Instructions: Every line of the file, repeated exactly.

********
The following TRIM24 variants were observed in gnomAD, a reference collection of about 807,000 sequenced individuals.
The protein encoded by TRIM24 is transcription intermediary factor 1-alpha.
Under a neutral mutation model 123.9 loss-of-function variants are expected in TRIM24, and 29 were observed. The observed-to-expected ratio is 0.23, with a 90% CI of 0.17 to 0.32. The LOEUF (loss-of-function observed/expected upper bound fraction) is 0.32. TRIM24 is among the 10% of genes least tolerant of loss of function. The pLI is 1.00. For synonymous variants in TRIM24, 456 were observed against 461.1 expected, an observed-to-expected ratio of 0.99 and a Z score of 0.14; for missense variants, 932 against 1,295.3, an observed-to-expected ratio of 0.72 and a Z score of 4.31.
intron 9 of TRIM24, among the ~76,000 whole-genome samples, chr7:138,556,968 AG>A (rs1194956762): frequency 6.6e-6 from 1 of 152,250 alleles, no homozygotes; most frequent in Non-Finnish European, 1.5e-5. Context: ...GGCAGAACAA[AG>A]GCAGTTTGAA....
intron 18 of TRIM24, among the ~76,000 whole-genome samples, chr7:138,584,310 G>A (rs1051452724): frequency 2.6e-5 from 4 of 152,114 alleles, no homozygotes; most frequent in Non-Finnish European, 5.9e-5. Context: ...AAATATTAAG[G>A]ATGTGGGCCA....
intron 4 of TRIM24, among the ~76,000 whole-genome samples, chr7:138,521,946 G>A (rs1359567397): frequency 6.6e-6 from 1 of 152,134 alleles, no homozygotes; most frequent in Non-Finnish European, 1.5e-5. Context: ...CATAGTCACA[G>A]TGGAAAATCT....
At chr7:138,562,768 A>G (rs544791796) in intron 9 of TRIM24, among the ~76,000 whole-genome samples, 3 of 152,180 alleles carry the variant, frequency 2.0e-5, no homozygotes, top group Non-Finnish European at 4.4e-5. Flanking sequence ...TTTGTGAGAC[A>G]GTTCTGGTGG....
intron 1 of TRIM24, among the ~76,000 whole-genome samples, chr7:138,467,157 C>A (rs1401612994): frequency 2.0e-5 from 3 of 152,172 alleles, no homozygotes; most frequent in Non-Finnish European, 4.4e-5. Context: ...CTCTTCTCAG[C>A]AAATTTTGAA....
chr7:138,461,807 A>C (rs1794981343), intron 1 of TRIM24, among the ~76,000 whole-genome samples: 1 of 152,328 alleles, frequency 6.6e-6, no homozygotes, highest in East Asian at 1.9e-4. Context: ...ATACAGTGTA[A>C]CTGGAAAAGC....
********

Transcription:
The following TRIM24 variants were observed in gnomAD, a reference collection of about 807,000 sequenced individuals.
The protein encoded by TRIM24 is transcription intermediary factor 1-alpha.
Under a neutral mutation model 123.9 loss-of-function variants are expected in TRIM24, and 29 were observed. The observed-to-expected ratio is 0.23, with a 90% CI of 0.17 to 0.32. The LOEUF (loss-of-function observed/expected upper bound fraction) is 0.32. TRIM24 is among the 10% of genes least tolerant of loss of function. The pLI is 1.00. For synonymous variants in TRIM24, 456 were observed against 461.1 expected, an observed-to-expected ratio of 0.99 and a Z score of 0.14; for missense variants, 932 against 1,295.3, an observed-to-expected ratio of 0.72 and a Z score of 4.31.
intron 9 of TRIM24, among the ~76,000 whole-genome samples, chr7:138,556,968 AG>A (rs1194956762): frequency 6.6e-6 from 1 of 152,250 alleles, no homozygotes; most frequent in Non-Finnish European, 1.5e-5. Context: ...GGCAGAACAA[AG>A]GCAGTTTGAA....
intron 18 of TRIM24, among the ~76,000 whole-genome samples, chr7:138,584,310 G>A (rs1051452724): frequency 2.6e-5 from 4 of 152,114 alleles, no homozygotes; most frequent in Non-Finnish European, 5.9e-5. Context: ...AAATATTAAG[G>A]ATGTGGGCCA....
intron 4 of TRIM24, among the ~76,000 whole-genome samples, chr7:138,521,946 G>A (rs1359567397): frequency 6.6e-6 from 1 of 152,134 alleles, no homozygotes; most frequent in Non-Finnish European, 1.5e-5. Context: ...CATAGTCACA[G>A]TGGAAAATCT....
At chr7:138,562,768 A>G (rs544791796) in intron 9 of TRIM24, among the ~76,000 whole-genome samples, 3 of 152,180 alleles carry the variant, frequency 2.0e-5, no homozygotes, top group Non-Finnish European at 4.4e-5. Flanking sequence ...TTTGTGAGAC[A>G]GTTCTGGTGG....
intron 1 of TRIM24, among the ~76,000 whole-genome samples, chr7:138,467,157 C>A (rs1401612994): frequency 2.0e-5 from 3 of 152,172 alleles, no homozygotes; most frequent in Non-Finnish European, 4.4e-5. Context: ...CTCTTCTCAG[C>A]AAATTTTGAA....
chr7:138,461,807 A>C (rs1794981343), intron 1 of TRIM24, among the ~76,000 whole-genome samples: 1 of 152,328 alleles, frequency 6.6e-6, no homozygotes, highest in East Asian at 1.9e-4. Context: ...ATACAGTGTA[A>C]CTGGAAAAGC....